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You may have heard the word “schmutz” used when cleaning up something unappealing, but you probably haven’t heard the word used to describe an organism. But that is what Lyngbya is: schmutz! This stringy type of cyanobacteria can be toxic and irritating, and it gets everywhere. A few people have even described it as “gross drain hair,” and sailors used to refer to it as “Mermaid’s Hair.” Here at the University of Maryland Center for Environmental Science Horn Point Laboratory, we find schmutz intriguing!
My advisor, Dr. Judy O’Neil, investigates Lyngbya’s presence in submerged aquatic vegetation (SAV) beds in the Chesapeake Bay. She is particularly interested in the upper Chesapeake Bay at the mouth of the Susquehanna River, an area known as the Susquehanna Flats. Although observations indicate Lyngbya has been growing there in increasing abundance for about a decade, its interactions with SAV plants, biogeochemistry of the sediments, and general ecology of Susquehanna Flats has not been fully investigated.
The Susquehanna River is the largest tributary of the Chesapeake Bay. The water quality and health of the river directly impact the Bay's health. At the mouth of the Susquehanna River and south of the Conowingo Dam sits the beautiful SAV bed of the Susquehanna Flats.
This SAV bed was wiped out in 1972 by Tropical Storm Agnes but had an astounding recovery in the 2000s. As a point of reference, the bed covered around 50 square kilometers (about twice the area of the John F. Kennedy Airport) at its most recent peak in 2008. The Susquehanna Flats SAV bed filters incoming sediment and nutrients from the Susquehanna River’s discharge. It also serves as great habitat for fish, crabs, and many other species.
Some cyanobacteria species, such as Lyngbya, have been increasing on the Flats since 2004. Cyanobacteria are photosynthetic bacteria that live both in sediment and in the water, and some can create their own nitrogen from the atmosphere when the environment does not provide them with enough nitrogen. This is important for their growth, since cyanobacteria require nitrogen for growth just like plants do.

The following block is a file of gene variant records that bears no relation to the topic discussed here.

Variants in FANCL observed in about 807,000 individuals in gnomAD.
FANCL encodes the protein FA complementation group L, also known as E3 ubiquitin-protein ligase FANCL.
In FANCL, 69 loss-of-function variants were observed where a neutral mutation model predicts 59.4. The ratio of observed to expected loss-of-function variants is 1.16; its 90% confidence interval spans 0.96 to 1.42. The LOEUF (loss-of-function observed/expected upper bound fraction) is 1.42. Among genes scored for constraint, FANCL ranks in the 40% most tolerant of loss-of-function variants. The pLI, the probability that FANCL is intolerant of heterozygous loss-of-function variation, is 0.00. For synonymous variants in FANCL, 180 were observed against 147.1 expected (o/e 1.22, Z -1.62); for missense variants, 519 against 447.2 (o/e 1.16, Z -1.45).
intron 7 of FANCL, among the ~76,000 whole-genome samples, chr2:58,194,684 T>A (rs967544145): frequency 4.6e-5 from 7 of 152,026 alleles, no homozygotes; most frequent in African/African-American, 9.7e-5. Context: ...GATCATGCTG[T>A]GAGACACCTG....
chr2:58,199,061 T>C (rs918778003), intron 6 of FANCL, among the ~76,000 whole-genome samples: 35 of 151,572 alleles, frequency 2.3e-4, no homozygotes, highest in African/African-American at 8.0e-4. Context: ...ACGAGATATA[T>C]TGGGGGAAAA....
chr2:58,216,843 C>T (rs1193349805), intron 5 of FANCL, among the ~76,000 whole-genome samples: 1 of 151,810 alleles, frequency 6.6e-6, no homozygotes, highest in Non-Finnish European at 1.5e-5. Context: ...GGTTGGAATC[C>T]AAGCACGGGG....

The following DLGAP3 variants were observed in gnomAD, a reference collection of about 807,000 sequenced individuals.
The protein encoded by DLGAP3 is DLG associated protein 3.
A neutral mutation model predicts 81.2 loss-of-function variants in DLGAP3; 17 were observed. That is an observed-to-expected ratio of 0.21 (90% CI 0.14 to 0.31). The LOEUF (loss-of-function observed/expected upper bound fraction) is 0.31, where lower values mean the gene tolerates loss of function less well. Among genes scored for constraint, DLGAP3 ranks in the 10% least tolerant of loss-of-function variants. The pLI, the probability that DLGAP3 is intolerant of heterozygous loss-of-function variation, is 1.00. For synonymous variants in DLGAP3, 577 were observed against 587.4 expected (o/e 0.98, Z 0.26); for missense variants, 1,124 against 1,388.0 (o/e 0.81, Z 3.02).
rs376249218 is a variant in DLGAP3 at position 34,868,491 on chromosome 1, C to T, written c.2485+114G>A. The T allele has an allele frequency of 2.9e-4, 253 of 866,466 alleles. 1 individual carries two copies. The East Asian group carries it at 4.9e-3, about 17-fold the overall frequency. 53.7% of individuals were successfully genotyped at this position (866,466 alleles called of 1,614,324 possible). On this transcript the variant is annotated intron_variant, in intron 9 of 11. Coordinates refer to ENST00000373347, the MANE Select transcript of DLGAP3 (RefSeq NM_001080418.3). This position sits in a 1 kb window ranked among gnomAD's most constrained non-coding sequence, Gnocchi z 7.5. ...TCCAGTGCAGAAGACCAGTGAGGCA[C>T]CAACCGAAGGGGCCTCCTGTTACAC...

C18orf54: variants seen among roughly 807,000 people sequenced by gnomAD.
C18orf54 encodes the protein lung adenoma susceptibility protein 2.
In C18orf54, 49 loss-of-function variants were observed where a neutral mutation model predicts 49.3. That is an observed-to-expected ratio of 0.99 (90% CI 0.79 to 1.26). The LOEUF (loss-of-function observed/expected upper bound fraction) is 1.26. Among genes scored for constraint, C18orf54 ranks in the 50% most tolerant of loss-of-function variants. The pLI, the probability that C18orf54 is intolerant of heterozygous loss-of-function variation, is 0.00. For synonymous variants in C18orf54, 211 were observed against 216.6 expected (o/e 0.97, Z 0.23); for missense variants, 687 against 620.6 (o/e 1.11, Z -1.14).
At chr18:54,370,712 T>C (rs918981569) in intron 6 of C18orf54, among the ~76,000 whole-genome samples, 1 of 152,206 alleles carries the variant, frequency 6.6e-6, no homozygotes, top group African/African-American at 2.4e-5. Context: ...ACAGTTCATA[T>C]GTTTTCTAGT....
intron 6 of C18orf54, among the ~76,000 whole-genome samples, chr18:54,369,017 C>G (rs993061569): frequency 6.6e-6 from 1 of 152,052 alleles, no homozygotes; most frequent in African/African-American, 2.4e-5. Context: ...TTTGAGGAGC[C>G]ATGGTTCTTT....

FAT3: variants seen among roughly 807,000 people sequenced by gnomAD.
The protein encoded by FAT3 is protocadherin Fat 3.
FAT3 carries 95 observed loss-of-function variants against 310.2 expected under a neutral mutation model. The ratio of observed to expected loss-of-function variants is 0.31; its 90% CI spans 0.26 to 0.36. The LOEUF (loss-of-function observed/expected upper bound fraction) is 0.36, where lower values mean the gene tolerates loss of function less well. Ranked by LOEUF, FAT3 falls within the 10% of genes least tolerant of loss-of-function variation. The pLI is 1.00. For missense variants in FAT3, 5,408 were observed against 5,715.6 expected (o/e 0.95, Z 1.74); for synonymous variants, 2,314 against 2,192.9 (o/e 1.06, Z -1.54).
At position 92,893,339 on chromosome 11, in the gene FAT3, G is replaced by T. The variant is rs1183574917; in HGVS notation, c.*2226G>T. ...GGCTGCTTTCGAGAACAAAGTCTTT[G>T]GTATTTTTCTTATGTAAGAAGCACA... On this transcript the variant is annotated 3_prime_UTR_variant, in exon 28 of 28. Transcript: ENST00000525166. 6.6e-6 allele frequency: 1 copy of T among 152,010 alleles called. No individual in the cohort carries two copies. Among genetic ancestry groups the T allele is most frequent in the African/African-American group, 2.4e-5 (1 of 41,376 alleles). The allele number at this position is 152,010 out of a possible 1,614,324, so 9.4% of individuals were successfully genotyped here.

Lyngbya grows on the bottom of the Susquehanna Flats. Through rapid photosynthesis, these bacteria release gas bubbles, which get trapped in the bacteria’s hairy filaments and cause Lyngbya to rise to the water’s surface. There, it may compete with SAV for sunlight and spread to other locations. Due to the toxic nature of Lyngbya, it may pose a threat to the surrounding environment. How much of a threat? That is what we are working on figuring out!
Lyngbya may cause a variety of problems for the Susquehanna Flats. For starters, its mat-like growth patterns may block SAV from sunlight by physically covering the plants and floating to the surface. Lyngbya’s nitrogen-creation capabilities may also be altering the Flats from a nitrogen sink to a nitrogen source, making it less efficient as a nutrient filter for the rest of the Bay. Some of our early findings show that Lyngbya produces a neurotoxin that may be detrimental to other species in the Susquehanna Flats food web, but further investigation is required.
Humans enjoy fishing, hunting, and boating on the Susquehanna Flats, but no one has studied Lyngbya living in the waters where people like to spend their time—yet. A crucial first step to answering these questions is to correctly identify the exact species. I will use DNA analysis technology to learn the genetic code of the Lyngbya, so if this species shows up elsewhere, we can better pinpoint options for mitigation and management measures.
Currently, scientists are reclassifying different types of cyanobacteria. Some Lyngbya have been reclassified as Microseira and some have remained Lyngbya. Will the Lyngbya in the Susquehanna Flats remain Lyngbya, or will it need to be reclassified? Stay tuned: Hopefully, we will soon know what this exact species identification is!
Top left image: Shayna Keller examines SAV in the Susquehanna Flats during fieldwork. Photo: Judy O’Neil